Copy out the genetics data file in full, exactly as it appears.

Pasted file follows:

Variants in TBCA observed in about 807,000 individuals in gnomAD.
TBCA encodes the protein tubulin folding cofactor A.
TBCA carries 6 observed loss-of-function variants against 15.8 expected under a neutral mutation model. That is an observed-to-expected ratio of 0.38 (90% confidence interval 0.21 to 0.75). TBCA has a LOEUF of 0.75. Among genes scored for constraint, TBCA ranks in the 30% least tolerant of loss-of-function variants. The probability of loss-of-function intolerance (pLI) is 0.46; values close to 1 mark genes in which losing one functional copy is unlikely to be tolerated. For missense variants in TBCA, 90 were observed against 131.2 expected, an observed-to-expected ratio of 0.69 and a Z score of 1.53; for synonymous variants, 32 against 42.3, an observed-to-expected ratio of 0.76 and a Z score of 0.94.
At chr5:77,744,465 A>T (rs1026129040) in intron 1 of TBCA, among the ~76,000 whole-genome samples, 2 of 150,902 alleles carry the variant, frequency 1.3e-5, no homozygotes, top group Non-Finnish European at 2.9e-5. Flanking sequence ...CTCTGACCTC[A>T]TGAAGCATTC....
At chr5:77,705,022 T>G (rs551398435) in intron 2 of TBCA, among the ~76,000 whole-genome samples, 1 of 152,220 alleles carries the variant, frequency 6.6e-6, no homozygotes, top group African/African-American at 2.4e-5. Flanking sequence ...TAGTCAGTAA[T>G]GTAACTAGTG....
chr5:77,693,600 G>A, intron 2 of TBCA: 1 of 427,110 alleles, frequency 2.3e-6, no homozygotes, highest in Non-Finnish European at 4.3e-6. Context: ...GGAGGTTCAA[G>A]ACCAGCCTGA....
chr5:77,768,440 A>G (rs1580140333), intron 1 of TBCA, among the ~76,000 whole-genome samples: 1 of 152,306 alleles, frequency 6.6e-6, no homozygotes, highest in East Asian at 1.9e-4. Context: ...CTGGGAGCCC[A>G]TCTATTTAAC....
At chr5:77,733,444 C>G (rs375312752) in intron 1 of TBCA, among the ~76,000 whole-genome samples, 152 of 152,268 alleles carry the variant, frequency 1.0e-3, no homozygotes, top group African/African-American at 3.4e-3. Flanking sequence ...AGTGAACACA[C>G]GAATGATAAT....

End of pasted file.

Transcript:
Variants in TBCA observed in about 807,000 individuals in gnomAD.
TBCA encodes the protein tubulin folding cofactor A.
TBCA carries 6 observed loss-of-function variants against 15.8 expected under a neutral mutation model. That is an observed-to-expected ratio of 0.38 (90% confidence interval 0.21 to 0.75). TBCA has a LOEUF of 0.75. Among genes scored for constraint, TBCA ranks in the 30% least tolerant of loss-of-function variants. The probability of loss-of-function intolerance (pLI) is 0.46; values close to 1 mark genes in which losing one functional copy is unlikely to be tolerated. For missense variants in TBCA, 90 were observed against 131.2 expected, an observed-to-expected ratio of 0.69 and a Z score of 1.53; for synonymous variants, 32 against 42.3, an observed-to-expected ratio of 0.76 and a Z score of 0.94.
At chr5:77,744,465 A>T (rs1026129040) in intron 1 of TBCA, among the ~76,000 whole-genome samples, 2 of 150,902 alleles carry the variant, frequency 1.3e-5, no homozygotes, top group Non-Finnish European at 2.9e-5. Flanking sequence ...CTCTGACCTC[A>T]TGAAGCATTC....
At chr5:77,705,022 T>G (rs551398435) in intron 2 of TBCA, among the ~76,000 whole-genome samples, 1 of 152,220 alleles carries the variant, frequency 6.6e-6, no homozygotes, top group African/African-American at 2.4e-5. Flanking sequence ...TAGTCAGTAA[T>G]GTAACTAGTG....
chr5:77,693,600 G>A, intron 2 of TBCA: 1 of 427,110 alleles, frequency 2.3e-6, no homozygotes, highest in Non-Finnish European at 4.3e-6. Context: ...GGAGGTTCAA[G>A]ACCAGCCTGA....
chr5:77,768,440 A>G (rs1580140333), intron 1 of TBCA, among the ~76,000 whole-genome samples: 1 of 152,306 alleles, frequency 6.6e-6, no homozygotes, highest in East Asian at 1.9e-4. Context: ...CTGGGAGCCC[A>G]TCTATTTAAC....
At chr5:77,733,444 C>G (rs375312752) in intron 1 of TBCA, among the ~76,000 whole-genome samples, 152 of 152,268 alleles carry the variant, frequency 1.0e-3, no homozygotes, top group African/African-American at 3.4e-3. Flanking sequence ...AGTGAACACA[C>G]GAATGATAAT....